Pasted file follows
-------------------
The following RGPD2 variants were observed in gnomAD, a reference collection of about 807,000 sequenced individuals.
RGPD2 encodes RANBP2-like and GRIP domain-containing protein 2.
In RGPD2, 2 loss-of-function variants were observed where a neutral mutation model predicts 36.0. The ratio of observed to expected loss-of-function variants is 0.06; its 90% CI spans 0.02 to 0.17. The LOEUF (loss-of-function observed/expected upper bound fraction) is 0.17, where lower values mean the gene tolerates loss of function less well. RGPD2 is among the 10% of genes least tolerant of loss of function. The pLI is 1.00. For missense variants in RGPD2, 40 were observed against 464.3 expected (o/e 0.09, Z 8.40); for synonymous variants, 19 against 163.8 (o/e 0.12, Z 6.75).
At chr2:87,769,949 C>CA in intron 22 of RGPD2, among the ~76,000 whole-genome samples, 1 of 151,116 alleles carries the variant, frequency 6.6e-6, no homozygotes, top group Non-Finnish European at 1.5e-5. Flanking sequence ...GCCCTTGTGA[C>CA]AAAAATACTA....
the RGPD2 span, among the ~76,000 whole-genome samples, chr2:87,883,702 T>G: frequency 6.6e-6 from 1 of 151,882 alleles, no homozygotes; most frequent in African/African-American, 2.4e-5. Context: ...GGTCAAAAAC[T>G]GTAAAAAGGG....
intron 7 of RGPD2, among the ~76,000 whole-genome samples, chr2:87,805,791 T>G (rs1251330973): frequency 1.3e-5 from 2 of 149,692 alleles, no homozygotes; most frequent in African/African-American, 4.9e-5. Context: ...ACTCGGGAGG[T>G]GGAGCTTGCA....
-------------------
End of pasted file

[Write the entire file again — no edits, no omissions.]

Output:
The following RGPD2 variants were observed in gnomAD, a reference collection of about 807,000 sequenced individuals.
RGPD2 encodes RANBP2-like and GRIP domain-containing protein 2.
In RGPD2, 2 loss-of-function variants were observed where a neutral mutation model predicts 36.0. The ratio of observed to expected loss-of-function variants is 0.06; its 90% CI spans 0.02 to 0.17. The LOEUF (loss-of-function observed/expected upper bound fraction) is 0.17, where lower values mean the gene tolerates loss of function less well. RGPD2 is among the 10% of genes least tolerant of loss of function. The pLI is 1.00. For missense variants in RGPD2, 40 were observed against 464.3 expected (o/e 0.09, Z 8.40); for synonymous variants, 19 against 163.8 (o/e 0.12, Z 6.75).
At chr2:87,769,949 C>CA in intron 22 of RGPD2, among the ~76,000 whole-genome samples, 1 of 151,116 alleles carries the variant, frequency 6.6e-6, no homozygotes, top group Non-Finnish European at 1.5e-5. Flanking sequence ...GCCCTTGTGA[C>CA]AAAAATACTA....
the RGPD2 span, among the ~76,000 whole-genome samples, chr2:87,883,702 T>G: frequency 6.6e-6 from 1 of 151,882 alleles, no homozygotes; most frequent in African/African-American, 2.4e-5. Context: ...GGTCAAAAAC[T>G]GTAAAAAGGG....
intron 7 of RGPD2, among the ~76,000 whole-genome samples, chr2:87,805,791 T>G (rs1251330973): frequency 1.3e-5 from 2 of 149,692 alleles, no homozygotes; most frequent in African/African-American, 4.9e-5. Context: ...ACTCGGGAGG[T>G]GGAGCTTGCA....